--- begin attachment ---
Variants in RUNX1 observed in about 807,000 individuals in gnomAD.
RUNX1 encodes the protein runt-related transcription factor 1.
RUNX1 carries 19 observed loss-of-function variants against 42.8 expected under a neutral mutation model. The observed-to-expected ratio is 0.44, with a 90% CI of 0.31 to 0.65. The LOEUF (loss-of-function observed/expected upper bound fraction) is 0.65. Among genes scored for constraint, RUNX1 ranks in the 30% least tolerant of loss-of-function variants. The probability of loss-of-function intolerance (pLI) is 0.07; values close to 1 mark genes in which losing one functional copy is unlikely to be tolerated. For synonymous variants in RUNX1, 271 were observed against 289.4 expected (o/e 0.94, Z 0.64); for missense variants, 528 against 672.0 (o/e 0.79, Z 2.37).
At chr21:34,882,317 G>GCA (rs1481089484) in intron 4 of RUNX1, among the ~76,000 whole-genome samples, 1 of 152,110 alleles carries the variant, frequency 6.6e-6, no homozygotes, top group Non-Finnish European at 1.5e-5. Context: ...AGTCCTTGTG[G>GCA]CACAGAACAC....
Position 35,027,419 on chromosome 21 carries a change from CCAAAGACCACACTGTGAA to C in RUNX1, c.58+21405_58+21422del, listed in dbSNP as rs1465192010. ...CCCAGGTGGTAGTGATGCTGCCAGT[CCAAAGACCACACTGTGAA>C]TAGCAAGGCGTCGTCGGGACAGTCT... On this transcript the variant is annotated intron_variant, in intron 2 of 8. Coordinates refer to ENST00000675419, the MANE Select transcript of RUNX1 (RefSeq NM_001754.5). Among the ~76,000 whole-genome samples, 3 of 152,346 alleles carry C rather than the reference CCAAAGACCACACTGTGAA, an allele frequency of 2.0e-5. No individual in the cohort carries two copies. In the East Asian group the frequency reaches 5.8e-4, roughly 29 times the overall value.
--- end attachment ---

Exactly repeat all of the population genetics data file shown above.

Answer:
Variants in RUNX1 observed in about 807,000 individuals in gnomAD.
RUNX1 encodes the protein runt-related transcription factor 1.
RUNX1 carries 19 observed loss-of-function variants against 42.8 expected under a neutral mutation model. The observed-to-expected ratio is 0.44, with a 90% CI of 0.31 to 0.65. The LOEUF (loss-of-function observed/expected upper bound fraction) is 0.65. Among genes scored for constraint, RUNX1 ranks in the 30% least tolerant of loss-of-function variants. The probability of loss-of-function intolerance (pLI) is 0.07; values close to 1 mark genes in which losing one functional copy is unlikely to be tolerated. For synonymous variants in RUNX1, 271 were observed against 289.4 expected (o/e 0.94, Z 0.64); for missense variants, 528 against 672.0 (o/e 0.79, Z 2.37).
At chr21:34,882,317 G>GCA (rs1481089484) in intron 4 of RUNX1, among the ~76,000 whole-genome samples, 1 of 152,110 alleles carries the variant, frequency 6.6e-6, no homozygotes, top group Non-Finnish European at 1.5e-5. Context: ...AGTCCTTGTG[G>GCA]CACAGAACAC....
Position 35,027,419 on chromosome 21 carries a change from CCAAAGACCACACTGTGAA to C in RUNX1, c.58+21405_58+21422del, listed in dbSNP as rs1465192010. ...CCCAGGTGGTAGTGATGCTGCCAGT[CCAAAGACCACACTGTGAA>C]TAGCAAGGCGTCGTCGGGACAGTCT... On this transcript the variant is annotated intron_variant, in intron 2 of 8. Coordinates refer to ENST00000675419, the MANE Select transcript of RUNX1 (RefSeq NM_001754.5). Among the ~76,000 whole-genome samples, 3 of 152,346 alleles carry C rather than the reference CCAAAGACCACACTGTGAA, an allele frequency of 2.0e-5. No individual in the cohort carries two copies. In the East Asian group the frequency reaches 5.8e-4, roughly 29 times the overall value.